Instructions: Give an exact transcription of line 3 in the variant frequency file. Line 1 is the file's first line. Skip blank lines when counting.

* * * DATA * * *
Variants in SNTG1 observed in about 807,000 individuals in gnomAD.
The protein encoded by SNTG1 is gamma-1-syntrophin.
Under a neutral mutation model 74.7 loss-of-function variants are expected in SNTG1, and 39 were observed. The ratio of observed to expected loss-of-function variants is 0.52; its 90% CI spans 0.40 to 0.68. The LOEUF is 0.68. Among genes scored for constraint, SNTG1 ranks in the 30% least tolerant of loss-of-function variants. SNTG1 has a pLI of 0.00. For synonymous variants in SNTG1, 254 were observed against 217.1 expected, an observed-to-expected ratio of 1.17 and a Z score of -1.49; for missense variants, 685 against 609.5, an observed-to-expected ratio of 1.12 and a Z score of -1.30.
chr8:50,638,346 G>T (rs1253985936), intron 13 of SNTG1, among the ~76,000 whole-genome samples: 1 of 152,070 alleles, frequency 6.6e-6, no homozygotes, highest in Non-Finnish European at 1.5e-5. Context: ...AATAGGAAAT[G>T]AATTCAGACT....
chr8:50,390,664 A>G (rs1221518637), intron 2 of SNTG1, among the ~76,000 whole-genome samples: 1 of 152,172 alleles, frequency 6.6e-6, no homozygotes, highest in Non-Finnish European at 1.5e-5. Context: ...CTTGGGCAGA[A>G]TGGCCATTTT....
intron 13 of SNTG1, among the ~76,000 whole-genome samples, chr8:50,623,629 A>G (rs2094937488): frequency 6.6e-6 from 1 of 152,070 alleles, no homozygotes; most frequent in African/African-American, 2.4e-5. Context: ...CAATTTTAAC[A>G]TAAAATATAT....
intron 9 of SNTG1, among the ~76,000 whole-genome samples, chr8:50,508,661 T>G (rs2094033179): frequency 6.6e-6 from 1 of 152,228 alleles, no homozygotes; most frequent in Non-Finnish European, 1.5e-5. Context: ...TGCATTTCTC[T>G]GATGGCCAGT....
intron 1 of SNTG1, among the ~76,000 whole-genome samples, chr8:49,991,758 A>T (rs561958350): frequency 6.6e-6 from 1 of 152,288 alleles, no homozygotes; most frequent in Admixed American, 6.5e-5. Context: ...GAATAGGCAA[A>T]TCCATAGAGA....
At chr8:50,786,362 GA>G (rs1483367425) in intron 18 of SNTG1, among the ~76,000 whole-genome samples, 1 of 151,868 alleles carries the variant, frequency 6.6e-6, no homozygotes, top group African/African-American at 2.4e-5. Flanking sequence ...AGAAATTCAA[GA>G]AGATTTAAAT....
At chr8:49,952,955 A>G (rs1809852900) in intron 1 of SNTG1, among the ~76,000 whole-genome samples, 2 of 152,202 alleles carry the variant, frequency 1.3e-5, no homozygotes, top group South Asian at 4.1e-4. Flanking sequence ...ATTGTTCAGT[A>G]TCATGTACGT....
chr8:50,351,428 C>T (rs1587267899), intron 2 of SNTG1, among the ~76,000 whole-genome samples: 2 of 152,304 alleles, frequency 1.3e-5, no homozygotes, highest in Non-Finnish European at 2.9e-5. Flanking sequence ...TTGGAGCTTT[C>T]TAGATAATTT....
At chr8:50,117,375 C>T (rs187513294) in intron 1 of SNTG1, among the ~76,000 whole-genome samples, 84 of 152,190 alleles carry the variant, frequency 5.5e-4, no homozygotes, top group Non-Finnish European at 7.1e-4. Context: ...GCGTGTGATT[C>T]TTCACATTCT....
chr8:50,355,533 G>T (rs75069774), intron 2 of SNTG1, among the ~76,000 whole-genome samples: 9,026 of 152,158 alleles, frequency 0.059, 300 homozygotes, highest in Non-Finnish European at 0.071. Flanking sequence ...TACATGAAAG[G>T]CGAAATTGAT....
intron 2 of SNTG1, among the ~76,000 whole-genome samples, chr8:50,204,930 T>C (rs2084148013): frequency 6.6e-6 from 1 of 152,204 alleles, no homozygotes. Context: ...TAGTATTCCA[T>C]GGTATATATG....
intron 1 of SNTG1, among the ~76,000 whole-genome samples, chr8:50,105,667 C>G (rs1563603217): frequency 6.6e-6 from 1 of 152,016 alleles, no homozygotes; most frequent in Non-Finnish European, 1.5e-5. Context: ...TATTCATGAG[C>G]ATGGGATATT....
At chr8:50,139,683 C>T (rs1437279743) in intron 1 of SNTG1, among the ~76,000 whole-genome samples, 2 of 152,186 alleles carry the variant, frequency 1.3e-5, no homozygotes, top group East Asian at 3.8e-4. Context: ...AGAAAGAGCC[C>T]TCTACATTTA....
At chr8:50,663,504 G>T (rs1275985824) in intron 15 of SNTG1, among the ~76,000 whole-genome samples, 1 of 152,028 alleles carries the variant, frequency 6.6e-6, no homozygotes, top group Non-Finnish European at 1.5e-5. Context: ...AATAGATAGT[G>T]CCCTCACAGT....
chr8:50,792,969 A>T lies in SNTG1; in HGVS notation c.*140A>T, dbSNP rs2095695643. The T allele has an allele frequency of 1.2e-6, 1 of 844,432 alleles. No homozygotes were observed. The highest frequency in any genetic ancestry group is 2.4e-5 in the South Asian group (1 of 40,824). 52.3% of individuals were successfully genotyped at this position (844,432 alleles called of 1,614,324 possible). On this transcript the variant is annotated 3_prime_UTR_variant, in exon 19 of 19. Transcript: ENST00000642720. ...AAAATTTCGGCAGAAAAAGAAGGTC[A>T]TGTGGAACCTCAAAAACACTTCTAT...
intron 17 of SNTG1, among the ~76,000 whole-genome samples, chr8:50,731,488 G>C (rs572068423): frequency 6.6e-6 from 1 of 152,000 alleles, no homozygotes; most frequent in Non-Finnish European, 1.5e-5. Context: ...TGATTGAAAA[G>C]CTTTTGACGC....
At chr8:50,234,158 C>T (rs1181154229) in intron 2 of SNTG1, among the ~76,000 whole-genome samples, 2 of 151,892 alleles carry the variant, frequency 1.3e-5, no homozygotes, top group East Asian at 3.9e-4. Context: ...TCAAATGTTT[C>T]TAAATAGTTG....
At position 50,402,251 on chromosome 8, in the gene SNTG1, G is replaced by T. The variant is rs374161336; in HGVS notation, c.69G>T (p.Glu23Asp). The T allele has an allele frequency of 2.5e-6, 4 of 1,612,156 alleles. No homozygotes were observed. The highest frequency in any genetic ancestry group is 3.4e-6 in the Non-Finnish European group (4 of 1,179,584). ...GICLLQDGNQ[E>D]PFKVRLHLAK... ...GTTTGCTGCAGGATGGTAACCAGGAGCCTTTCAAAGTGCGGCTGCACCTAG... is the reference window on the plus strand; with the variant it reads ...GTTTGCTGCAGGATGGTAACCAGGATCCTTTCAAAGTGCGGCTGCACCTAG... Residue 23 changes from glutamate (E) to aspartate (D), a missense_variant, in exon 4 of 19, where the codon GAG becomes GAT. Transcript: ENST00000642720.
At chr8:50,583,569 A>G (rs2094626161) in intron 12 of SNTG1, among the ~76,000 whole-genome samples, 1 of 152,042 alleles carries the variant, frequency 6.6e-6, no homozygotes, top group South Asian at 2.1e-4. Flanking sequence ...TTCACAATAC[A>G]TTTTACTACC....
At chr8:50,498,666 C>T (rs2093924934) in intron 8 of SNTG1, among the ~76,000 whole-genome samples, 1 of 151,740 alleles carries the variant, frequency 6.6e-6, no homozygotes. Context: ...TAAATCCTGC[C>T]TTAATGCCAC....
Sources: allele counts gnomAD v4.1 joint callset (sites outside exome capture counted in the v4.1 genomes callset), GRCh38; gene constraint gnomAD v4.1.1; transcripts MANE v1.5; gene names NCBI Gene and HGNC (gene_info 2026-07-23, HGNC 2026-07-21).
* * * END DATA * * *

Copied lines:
Under a neutral mutation model 74.7 loss-of-function variants are expected in SNTG1, and 39 were observed. The ratio of observed to expected loss-of-function variants is 0.52; its 90% CI spans 0.40 to 0.68. The LOEUF is 0.68. Among genes scored for constraint, SNTG1 ranks in the 30% least tolerant of loss-of-function variants. SNTG1 has a pLI of 0.00. For synonymous variants in SNTG1, 254 were observed against 217.1 expected, an observed-to-expected ratio of 1.17 and a Z score of -1.49; for missense variants, 685 against 609.5, an observed-to-expected ratio of 1.12 and a Z score of -1.30.